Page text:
Over 100 face judicial sanctions

By Dave Duschene

More than 100 students face sanctions ranging from loss of class credit to four-year expulsions for fraudulently registering in closed classes.

University Judicial Office Director Larry Bolles said the office of registration and records has referred the cases to his office where sanctions will be levied on “an individual basis.”

“I don’t want to put the fear of God into the campus. I don’t want this to turn into a witch hunt,” Bolles said. “But those people who have done this are gambling. The chances of registration and records not catching them are slim because they had to forge a document to get in (to the classes).”

Bolles said registration and records still is focusing its investigation on “high demand” classes but eventually will look at all classes. “There’s a feeling there will be a maximum of 300 students (involved), but that number could run higher,” he said.

Bruce Oates, assistant director of registration and records, said the current investigations are being done in groups and by department. He said, “Right now, we’re looking at 120 to 170 people (who falsified registration).”

Bolles said most of the confirmed cases have come from the College of Business and the College of Liberal Arts & Sciences, with the highest concentration in economics and sociology classes.

Registration and records has looked for patterns while investigating the illegal registration. There is some indication, based upon the addresses of the students involved, a portion is concentrated in Greek Row, Bolles said.

“To date, two greek-letter organizations have been indicated as areas where you could get this service,” he said. “This is not an all-greek situation, but there is one particular greek letter organization that has a high concentration of people involved. One fraternity had 36 people identified.” Bolles would not name the organization.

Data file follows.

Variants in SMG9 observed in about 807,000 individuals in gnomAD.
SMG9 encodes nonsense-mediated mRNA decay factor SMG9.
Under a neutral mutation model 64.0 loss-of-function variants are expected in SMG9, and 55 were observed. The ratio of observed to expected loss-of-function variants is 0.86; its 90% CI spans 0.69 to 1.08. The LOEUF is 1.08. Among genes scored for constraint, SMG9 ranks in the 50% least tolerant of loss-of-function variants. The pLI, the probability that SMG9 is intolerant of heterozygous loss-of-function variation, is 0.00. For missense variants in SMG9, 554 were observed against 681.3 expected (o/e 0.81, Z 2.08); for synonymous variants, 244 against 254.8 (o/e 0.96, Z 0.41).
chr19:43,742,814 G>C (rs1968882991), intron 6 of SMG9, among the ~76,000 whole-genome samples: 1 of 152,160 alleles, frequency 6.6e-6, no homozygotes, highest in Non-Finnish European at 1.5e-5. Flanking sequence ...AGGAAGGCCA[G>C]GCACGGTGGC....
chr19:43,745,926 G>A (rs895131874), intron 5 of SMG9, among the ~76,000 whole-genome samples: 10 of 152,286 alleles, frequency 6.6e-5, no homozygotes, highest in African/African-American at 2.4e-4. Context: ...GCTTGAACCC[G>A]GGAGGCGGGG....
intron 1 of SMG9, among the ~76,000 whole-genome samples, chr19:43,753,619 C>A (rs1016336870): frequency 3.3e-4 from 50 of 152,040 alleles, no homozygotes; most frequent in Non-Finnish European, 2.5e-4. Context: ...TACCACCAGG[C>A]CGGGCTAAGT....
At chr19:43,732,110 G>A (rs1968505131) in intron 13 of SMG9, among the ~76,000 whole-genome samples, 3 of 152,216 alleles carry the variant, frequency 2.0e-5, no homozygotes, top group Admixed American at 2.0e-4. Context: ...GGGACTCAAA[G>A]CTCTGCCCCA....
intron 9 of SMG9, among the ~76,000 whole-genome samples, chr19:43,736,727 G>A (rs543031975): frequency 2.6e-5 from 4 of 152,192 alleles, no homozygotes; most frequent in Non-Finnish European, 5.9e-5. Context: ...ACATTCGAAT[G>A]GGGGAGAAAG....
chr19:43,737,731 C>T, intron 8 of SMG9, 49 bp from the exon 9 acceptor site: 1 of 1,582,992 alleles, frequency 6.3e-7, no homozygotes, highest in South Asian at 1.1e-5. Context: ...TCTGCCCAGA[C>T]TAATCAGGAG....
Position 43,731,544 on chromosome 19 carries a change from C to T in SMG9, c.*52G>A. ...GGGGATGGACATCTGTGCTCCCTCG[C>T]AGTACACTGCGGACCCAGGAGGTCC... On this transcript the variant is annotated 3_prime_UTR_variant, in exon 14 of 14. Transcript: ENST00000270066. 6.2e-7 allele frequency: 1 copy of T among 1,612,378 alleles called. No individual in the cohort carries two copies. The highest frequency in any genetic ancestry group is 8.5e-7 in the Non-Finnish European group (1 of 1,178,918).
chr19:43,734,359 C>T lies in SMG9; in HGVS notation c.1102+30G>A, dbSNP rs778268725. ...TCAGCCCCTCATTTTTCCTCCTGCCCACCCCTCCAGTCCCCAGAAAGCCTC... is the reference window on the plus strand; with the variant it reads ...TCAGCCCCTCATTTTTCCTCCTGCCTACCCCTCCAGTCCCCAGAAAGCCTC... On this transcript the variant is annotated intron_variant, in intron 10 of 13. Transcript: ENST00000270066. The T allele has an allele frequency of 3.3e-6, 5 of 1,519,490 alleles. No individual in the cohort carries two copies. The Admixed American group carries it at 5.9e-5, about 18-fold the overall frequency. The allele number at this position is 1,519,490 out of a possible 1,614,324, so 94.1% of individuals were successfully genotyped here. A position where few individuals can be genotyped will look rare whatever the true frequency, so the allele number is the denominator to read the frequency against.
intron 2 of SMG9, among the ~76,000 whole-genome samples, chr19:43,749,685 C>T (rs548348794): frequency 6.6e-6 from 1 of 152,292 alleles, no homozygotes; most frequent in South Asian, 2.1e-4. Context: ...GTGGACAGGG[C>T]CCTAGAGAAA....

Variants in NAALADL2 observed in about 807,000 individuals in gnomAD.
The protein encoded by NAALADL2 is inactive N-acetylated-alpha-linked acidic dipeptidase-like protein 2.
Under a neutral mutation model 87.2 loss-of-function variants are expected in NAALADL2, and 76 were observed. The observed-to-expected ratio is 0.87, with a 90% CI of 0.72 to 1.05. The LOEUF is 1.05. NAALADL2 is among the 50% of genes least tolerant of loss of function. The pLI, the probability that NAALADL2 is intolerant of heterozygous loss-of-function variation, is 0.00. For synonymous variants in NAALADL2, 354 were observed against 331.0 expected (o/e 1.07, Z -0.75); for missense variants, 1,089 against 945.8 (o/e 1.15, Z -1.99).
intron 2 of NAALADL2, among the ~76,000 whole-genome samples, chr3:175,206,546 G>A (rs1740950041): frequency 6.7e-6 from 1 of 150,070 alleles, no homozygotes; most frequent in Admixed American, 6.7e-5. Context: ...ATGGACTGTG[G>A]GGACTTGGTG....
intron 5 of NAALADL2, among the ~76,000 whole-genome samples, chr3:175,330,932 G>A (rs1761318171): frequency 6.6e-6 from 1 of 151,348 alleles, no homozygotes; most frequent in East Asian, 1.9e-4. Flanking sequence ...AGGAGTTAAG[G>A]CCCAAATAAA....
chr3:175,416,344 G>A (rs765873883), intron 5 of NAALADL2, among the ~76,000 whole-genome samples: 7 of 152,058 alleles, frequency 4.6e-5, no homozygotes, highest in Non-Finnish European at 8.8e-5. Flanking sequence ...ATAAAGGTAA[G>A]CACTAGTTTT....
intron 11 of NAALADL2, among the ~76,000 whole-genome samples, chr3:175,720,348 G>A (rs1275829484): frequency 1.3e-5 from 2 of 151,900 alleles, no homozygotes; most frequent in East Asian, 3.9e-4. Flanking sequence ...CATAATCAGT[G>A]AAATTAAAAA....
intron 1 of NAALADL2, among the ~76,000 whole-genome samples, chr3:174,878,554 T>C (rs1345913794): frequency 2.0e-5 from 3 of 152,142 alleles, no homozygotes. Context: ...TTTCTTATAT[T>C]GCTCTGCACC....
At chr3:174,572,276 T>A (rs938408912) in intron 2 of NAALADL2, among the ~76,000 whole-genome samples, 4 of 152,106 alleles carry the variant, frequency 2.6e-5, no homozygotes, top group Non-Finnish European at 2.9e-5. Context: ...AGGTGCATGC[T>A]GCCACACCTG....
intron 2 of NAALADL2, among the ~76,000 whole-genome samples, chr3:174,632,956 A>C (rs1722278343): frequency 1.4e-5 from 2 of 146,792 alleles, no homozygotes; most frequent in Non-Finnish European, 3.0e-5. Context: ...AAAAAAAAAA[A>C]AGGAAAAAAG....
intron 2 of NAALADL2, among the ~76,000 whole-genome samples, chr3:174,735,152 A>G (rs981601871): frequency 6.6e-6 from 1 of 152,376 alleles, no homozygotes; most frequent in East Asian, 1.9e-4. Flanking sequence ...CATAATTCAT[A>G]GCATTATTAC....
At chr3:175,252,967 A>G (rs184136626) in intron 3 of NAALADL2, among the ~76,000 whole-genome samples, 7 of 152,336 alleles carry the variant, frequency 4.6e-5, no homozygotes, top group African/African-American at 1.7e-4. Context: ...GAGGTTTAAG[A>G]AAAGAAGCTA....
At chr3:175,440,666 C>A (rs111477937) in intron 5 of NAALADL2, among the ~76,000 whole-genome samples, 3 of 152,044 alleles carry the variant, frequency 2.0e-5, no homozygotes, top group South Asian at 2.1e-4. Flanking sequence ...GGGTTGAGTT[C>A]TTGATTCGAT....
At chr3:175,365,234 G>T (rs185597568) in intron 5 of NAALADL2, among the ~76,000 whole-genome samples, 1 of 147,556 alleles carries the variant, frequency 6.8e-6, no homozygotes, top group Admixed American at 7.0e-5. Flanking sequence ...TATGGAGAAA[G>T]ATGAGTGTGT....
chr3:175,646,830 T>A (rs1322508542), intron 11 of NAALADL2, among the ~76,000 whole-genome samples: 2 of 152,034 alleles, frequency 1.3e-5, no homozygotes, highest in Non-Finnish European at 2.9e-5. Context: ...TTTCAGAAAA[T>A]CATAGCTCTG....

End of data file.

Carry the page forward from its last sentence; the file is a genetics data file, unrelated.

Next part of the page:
Oates said his office has initiated investigations of three fraternities and two sororities. He said one of the sororities was found not to be involved in the fraud at a group-level.

Bolles said the University Plaza also has been implicated as an area of concentrated fraud, but he said that could not yet be confirmed.

Assistant University Judicial Officer Marti Ruel, who is handling the cases for Bolles, said involved students who have not been identified yet can talk to her about their involvement.

“Obviously those students would know who they are,” she said. “They can come to me and talk about it to find out what they can expect (as consequences).”

Bolles said it is in the best interest of students who have not been contacted but who are involved to come forward as soon as possible.

“For graduating seniors who know there might be something wrong with their registration, they need to get over and talk to Marti Ruel,” he said. “This is a Level II violation which makes this a very serious matter.”

Bolles said illegal registration violates section 3-3.5 of the Student Judicial Code, which is defined as “falsifying, tampering, altering, forging or misusing any university record or document or knowingly supplying false or misleading information to university officials.”

He said students who falsified registration face any of a number of possible sanctions depending on their level of involvement. Violators could face any one or a combination of the following sanctions:

Suspension or expulsion, up to four years.

Deferred suspension or expulsion, which would be served upon further judicial code violations.

Loss of all credit for classes presently illegally enrolled in.

Fines up to $50.

Stiff work assignments up to 15 hours.

Bolles said, “I don’t know what’s going to happen. Some will be expelled, some suspended and a good deal are forfeiting their right to credit.”

The infractions, which involve the illegal use of a rubber registration stamp, were first discovered earlier this month by Arthur Doederlein, assistant professor of communication studies.

Doederlein found a student who had a class “Add” form which had been stamped with the black “REG” stamp used for add/drop schedule completion and late registration. When Doederlein checked his class roll list, however, he found the student’s name had not been added.